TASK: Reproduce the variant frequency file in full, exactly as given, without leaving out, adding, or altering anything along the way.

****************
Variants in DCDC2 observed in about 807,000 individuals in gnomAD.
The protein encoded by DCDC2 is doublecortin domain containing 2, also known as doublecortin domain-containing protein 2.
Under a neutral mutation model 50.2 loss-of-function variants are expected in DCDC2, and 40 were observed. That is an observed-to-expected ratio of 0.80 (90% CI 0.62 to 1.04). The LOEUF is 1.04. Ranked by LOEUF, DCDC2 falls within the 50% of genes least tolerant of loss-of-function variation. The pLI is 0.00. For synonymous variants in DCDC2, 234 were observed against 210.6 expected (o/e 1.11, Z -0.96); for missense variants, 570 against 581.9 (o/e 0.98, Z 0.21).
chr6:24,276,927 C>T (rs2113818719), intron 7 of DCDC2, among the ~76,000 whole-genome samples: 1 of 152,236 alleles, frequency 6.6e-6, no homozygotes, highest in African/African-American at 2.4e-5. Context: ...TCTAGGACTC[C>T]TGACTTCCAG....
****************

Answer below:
Variants in DCDC2 observed in about 807,000 individuals in gnomAD.
The protein encoded by DCDC2 is doublecortin domain containing 2, also known as doublecortin domain-containing protein 2.
Under a neutral mutation model 50.2 loss-of-function variants are expected in DCDC2, and 40 were observed. That is an observed-to-expected ratio of 0.80 (90% CI 0.62 to 1.04). The LOEUF is 1.04. Ranked by LOEUF, DCDC2 falls within the 50% of genes least tolerant of loss-of-function variation. The pLI is 0.00. For synonymous variants in DCDC2, 234 were observed against 210.6 expected (o/e 1.11, Z -0.96); for missense variants, 570 against 581.9 (o/e 0.98, Z 0.21).
chr6:24,276,927 C>T (rs2113818719), intron 7 of DCDC2, among the ~76,000 whole-genome samples: 1 of 152,236 alleles, frequency 6.6e-6, no homozygotes, highest in African/African-American at 2.4e-5. Context: ...TCTAGGACTC[C>T]TGACTTCCAG....